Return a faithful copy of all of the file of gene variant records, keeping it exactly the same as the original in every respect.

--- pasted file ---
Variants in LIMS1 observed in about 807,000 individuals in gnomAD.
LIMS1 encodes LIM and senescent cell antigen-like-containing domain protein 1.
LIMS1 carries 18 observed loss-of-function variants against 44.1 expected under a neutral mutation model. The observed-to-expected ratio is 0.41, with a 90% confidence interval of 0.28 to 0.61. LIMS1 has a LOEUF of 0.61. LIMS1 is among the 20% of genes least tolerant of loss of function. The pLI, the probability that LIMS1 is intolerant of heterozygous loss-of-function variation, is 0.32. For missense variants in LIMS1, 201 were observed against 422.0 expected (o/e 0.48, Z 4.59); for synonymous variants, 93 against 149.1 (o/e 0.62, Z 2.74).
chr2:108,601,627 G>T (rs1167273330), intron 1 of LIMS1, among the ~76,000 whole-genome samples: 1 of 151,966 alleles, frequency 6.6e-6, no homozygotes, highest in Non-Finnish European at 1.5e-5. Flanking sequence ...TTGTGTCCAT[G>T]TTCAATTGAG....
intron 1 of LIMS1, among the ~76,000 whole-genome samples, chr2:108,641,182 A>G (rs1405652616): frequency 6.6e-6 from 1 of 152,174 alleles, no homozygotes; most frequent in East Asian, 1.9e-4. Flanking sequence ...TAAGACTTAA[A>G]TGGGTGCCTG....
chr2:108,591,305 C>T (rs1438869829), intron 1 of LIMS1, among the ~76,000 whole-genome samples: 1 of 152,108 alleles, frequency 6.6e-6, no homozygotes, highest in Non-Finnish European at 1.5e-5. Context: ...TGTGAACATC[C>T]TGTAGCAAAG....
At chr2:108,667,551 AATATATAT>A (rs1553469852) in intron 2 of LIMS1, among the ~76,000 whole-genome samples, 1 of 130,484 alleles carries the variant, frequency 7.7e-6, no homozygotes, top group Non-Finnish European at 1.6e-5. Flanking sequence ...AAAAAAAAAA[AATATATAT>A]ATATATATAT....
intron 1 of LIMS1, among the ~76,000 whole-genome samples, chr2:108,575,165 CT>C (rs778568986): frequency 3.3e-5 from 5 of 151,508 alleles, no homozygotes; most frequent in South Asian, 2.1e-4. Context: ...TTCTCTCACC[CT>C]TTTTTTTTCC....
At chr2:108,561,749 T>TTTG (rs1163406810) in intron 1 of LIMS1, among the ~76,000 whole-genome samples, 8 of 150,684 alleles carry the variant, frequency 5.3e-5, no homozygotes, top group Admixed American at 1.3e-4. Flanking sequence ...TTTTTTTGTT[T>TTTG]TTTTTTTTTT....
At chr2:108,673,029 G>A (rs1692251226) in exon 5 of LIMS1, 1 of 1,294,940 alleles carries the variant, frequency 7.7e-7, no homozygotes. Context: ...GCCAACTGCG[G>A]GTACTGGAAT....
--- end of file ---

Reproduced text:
Variants in LIMS1 observed in about 807,000 individuals in gnomAD.
LIMS1 encodes LIM and senescent cell antigen-like-containing domain protein 1.
LIMS1 carries 18 observed loss-of-function variants against 44.1 expected under a neutral mutation model. The observed-to-expected ratio is 0.41, with a 90% confidence interval of 0.28 to 0.61. LIMS1 has a LOEUF of 0.61. LIMS1 is among the 20% of genes least tolerant of loss of function. The pLI, the probability that LIMS1 is intolerant of heterozygous loss-of-function variation, is 0.32. For missense variants in LIMS1, 201 were observed against 422.0 expected (o/e 0.48, Z 4.59); for synonymous variants, 93 against 149.1 (o/e 0.62, Z 2.74).
chr2:108,601,627 G>T (rs1167273330), intron 1 of LIMS1, among the ~76,000 whole-genome samples: 1 of 151,966 alleles, frequency 6.6e-6, no homozygotes, highest in Non-Finnish European at 1.5e-5. Flanking sequence ...TTGTGTCCAT[G>T]TTCAATTGAG....
intron 1 of LIMS1, among the ~76,000 whole-genome samples, chr2:108,641,182 A>G (rs1405652616): frequency 6.6e-6 from 1 of 152,174 alleles, no homozygotes; most frequent in East Asian, 1.9e-4. Flanking sequence ...TAAGACTTAA[A>G]TGGGTGCCTG....
chr2:108,591,305 C>T (rs1438869829), intron 1 of LIMS1, among the ~76,000 whole-genome samples: 1 of 152,108 alleles, frequency 6.6e-6, no homozygotes, highest in Non-Finnish European at 1.5e-5. Context: ...TGTGAACATC[C>T]TGTAGCAAAG....
At chr2:108,667,551 AATATATAT>A (rs1553469852) in intron 2 of LIMS1, among the ~76,000 whole-genome samples, 1 of 130,484 alleles carries the variant, frequency 7.7e-6, no homozygotes, top group Non-Finnish European at 1.6e-5. Flanking sequence ...AAAAAAAAAA[AATATATAT>A]ATATATATAT....
intron 1 of LIMS1, among the ~76,000 whole-genome samples, chr2:108,575,165 CT>C (rs778568986): frequency 3.3e-5 from 5 of 151,508 alleles, no homozygotes; most frequent in South Asian, 2.1e-4. Context: ...TTCTCTCACC[CT>C]TTTTTTTTCC....
At chr2:108,561,749 T>TTTG (rs1163406810) in intron 1 of LIMS1, among the ~76,000 whole-genome samples, 8 of 150,684 alleles carry the variant, frequency 5.3e-5, no homozygotes, top group Admixed American at 1.3e-4. Flanking sequence ...TTTTTTTGTT[T>TTTG]TTTTTTTTTT....
At chr2:108,673,029 G>A (rs1692251226) in exon 5 of LIMS1, 1 of 1,294,940 alleles carries the variant, frequency 7.7e-7, no homozygotes. Context: ...GCCAACTGCG[G>A]GTACTGGAAT....